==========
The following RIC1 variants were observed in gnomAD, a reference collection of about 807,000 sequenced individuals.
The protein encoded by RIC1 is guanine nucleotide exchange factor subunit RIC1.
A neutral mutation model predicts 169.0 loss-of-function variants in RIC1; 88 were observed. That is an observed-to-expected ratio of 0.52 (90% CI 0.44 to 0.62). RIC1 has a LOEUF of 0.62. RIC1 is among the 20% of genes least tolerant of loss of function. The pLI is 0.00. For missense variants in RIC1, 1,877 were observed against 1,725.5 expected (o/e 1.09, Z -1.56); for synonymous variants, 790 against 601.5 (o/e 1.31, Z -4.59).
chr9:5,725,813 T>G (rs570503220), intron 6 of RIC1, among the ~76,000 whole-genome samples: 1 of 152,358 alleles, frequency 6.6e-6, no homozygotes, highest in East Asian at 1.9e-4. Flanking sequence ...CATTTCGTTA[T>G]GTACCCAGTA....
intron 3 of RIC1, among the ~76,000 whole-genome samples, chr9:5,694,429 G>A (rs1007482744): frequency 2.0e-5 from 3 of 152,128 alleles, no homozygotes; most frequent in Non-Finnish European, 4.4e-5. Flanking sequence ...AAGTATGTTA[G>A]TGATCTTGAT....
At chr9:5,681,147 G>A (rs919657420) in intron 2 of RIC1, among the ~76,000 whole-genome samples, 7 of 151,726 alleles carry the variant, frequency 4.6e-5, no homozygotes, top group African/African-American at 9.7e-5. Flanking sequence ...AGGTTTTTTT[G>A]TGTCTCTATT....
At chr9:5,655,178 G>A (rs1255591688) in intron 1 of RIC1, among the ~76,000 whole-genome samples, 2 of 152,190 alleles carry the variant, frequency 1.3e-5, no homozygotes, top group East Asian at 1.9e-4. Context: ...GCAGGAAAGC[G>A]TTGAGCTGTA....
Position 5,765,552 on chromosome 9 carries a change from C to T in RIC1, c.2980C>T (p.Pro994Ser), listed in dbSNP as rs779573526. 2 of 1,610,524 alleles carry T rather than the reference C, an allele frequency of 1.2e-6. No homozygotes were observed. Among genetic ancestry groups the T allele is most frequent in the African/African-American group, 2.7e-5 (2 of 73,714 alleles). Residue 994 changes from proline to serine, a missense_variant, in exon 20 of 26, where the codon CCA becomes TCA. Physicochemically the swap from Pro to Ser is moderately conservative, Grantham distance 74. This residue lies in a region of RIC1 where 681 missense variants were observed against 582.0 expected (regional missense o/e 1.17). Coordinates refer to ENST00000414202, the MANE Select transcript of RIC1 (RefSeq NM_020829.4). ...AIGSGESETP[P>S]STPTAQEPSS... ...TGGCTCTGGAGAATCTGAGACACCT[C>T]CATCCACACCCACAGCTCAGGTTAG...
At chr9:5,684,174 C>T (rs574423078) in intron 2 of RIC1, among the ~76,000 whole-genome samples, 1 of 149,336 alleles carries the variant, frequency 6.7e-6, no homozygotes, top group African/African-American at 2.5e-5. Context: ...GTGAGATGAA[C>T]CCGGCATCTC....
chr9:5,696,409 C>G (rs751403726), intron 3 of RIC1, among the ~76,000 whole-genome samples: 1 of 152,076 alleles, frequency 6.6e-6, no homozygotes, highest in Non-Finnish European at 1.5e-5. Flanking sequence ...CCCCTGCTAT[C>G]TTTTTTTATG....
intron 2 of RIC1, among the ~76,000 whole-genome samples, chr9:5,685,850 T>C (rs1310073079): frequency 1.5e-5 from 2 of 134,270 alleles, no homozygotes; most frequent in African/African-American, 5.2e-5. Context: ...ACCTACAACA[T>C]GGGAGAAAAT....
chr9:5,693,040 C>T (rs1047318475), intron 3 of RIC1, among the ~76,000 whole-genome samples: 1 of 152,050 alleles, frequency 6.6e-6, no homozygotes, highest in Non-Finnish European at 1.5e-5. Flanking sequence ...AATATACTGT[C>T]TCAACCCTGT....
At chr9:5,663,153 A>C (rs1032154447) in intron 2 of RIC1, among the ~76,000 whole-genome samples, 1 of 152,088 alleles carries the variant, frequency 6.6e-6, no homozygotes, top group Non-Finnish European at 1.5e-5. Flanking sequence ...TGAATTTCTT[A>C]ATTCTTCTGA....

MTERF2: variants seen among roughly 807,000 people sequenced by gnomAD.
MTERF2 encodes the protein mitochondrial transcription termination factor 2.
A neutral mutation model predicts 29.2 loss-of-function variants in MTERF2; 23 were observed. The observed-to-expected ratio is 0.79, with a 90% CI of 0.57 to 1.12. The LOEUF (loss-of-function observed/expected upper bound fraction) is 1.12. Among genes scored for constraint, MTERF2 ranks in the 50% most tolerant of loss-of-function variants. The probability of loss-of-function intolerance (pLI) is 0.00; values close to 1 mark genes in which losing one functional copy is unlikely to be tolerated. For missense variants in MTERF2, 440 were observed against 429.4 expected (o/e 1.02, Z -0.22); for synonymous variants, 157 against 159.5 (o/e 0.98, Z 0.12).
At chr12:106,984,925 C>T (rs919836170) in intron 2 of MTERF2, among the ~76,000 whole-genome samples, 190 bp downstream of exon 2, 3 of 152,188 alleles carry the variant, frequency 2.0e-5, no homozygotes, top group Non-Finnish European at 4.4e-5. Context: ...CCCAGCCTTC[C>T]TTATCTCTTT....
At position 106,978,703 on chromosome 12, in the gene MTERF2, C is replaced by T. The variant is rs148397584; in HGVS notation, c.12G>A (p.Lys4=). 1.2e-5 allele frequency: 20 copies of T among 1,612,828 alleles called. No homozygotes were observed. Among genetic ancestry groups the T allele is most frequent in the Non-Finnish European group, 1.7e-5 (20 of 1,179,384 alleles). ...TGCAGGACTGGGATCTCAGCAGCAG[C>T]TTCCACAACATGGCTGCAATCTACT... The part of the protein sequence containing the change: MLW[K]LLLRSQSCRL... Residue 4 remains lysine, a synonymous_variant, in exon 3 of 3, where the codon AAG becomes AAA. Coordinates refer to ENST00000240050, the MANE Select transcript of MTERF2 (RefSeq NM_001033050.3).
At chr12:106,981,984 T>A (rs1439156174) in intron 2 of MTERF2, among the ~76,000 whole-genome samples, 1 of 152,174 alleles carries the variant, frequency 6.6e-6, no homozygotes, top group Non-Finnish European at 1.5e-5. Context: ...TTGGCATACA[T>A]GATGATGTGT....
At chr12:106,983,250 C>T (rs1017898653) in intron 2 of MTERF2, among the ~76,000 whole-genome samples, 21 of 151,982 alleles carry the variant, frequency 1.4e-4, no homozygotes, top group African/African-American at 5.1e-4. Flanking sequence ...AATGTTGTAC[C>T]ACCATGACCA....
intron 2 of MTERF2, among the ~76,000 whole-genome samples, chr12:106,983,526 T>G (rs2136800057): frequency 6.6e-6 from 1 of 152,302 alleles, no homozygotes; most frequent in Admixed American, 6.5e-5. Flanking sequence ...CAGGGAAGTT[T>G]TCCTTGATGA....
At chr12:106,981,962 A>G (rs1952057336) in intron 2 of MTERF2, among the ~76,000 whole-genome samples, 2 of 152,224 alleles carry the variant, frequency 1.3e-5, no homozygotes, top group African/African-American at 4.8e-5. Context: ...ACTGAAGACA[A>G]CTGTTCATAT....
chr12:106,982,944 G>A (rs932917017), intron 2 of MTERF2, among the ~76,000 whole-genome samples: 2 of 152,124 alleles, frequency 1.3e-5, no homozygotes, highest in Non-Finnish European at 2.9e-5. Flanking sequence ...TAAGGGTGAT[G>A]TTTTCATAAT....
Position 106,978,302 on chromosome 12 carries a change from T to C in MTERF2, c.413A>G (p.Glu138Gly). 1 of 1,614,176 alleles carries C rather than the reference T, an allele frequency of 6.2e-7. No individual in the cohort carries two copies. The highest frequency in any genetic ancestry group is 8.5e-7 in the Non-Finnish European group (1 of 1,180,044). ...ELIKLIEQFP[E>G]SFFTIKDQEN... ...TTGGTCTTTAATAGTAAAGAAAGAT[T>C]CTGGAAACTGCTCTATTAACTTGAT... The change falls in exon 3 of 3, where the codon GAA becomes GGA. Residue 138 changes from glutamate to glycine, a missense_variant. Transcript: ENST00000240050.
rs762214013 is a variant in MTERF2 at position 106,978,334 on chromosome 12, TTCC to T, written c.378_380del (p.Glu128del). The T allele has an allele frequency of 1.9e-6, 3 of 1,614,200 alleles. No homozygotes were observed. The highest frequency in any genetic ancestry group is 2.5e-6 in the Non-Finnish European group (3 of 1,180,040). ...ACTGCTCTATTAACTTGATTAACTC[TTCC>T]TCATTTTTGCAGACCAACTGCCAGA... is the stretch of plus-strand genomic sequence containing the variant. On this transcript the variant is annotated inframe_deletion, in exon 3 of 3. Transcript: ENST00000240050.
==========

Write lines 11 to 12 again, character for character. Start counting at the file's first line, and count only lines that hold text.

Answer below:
intron 2 of RIC1, among the ~76,000 whole-genome samples, chr9:5,685,850 T>C (rs1310073079): frequency 1.5e-5 from 2 of 134,270 alleles, no homozygotes; most frequent in African/African-American, 5.2e-5. Context: ...ACCTACAACA[T>C]GGGAGAAAAT....
chr9:5,693,040 C>T (rs1047318475), intron 3 of RIC1, among the ~76,000 whole-genome samples: 1 of 152,050 alleles, frequency 6.6e-6, no homozygotes, highest in Non-Finnish European at 1.5e-5. Flanking sequence ...AATATACTGT[C>T]TCAACCCTGT....